Searching over 5,500,000 cases.


searching
Buy This Entire Record For $7.95

Download the entire decision to receive the complete text, official citation,
docket number, dissents and concurrences, and footnotes for this case.

Learn more about what you receive with purchase of this case.

Williams v. State

Court of Appeals of Arkansas, Division I

March 29, 2017

DAMEION WILLIAMS APPELLANT
v.
STATE OF ARKANSAS APPELLEE

         APPEAL FROM THE POPE COUNTY CIRCUIT COURT [NO. 58CR-14-432] HONORABLE WILLIAM M. PEARSON, JUDGE

          Theodis N. Thompson, Jr., for appellant.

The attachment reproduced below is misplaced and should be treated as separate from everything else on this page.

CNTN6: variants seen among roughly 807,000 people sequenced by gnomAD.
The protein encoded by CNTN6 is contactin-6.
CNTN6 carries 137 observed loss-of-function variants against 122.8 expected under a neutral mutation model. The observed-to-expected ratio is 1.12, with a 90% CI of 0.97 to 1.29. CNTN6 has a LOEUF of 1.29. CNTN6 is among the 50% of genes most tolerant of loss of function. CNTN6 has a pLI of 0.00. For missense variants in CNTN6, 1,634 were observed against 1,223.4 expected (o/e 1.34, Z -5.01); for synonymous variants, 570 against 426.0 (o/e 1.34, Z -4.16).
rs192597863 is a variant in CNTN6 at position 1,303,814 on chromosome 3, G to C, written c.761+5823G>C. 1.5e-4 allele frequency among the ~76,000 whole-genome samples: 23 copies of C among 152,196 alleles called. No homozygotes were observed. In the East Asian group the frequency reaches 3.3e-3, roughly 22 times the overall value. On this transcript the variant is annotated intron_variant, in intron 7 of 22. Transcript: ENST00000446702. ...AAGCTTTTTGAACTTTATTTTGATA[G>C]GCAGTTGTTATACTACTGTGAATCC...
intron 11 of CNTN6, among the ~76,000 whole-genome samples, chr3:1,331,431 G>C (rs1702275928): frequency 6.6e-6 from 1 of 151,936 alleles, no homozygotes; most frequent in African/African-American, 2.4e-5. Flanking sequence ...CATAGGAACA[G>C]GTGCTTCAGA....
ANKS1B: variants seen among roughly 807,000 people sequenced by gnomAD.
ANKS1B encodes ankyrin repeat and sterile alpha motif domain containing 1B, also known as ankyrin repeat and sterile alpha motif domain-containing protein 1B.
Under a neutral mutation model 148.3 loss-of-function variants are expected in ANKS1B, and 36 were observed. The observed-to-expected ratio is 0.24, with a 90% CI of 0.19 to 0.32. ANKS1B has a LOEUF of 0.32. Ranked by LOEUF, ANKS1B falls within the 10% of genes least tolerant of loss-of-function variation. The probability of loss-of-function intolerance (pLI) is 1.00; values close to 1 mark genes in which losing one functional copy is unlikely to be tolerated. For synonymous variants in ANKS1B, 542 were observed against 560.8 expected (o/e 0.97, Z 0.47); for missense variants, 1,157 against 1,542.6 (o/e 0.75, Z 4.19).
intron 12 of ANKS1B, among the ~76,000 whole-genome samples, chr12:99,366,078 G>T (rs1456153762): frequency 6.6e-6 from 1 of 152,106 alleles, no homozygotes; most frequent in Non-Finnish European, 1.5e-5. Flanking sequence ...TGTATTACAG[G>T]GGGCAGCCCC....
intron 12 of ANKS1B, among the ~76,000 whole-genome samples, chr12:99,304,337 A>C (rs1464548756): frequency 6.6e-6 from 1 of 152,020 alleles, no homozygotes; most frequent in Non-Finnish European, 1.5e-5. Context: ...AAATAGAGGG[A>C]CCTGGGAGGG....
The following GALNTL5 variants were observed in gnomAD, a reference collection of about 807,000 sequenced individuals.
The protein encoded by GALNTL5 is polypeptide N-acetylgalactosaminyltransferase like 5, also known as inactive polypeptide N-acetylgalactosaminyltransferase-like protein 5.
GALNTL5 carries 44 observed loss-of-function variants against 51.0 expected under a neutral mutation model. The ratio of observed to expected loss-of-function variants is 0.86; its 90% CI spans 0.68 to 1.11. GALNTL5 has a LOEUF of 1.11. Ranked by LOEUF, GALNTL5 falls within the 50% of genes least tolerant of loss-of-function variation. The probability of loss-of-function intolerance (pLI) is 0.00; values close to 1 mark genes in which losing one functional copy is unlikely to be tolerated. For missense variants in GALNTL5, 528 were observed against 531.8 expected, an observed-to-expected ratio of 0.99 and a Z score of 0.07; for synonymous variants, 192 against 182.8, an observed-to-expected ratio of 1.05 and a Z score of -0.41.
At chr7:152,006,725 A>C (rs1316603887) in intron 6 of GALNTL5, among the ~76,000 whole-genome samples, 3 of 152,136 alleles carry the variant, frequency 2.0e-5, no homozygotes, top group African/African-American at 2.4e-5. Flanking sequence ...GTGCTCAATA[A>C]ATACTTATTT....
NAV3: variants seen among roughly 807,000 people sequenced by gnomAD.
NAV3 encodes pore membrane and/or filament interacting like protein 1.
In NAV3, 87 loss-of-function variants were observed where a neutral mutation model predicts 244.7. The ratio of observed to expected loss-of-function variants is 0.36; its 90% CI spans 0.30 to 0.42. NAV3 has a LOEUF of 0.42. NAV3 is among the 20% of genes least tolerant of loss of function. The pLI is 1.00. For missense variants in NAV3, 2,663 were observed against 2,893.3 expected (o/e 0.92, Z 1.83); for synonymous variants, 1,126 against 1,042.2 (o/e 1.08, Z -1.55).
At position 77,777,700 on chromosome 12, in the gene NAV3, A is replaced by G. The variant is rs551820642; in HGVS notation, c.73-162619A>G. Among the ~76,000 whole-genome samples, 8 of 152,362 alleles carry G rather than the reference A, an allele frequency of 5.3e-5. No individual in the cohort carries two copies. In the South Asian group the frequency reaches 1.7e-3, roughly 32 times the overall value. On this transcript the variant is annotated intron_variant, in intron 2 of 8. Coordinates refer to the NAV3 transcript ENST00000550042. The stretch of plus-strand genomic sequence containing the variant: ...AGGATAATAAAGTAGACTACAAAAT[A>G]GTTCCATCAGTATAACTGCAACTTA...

Leslie Rutledge, Att'y Gen., by: Brooke Jackson Gasaway, Ass't Att'y Gen., for appellee.

          WAYMOND M. BROWN, Judge

         Appellant appeals from his conviction by jury trial of aggravated robbery, attempted murder in the first degree, and battery in the first degree. On appeal, he argues that the circuit court erred in denying his motions (1) to suppress, (2) to require his codefendant to testify at his trial, and (3) to give a jury instruction allowing jurors to make a negative inference due to a missing video. We affirm.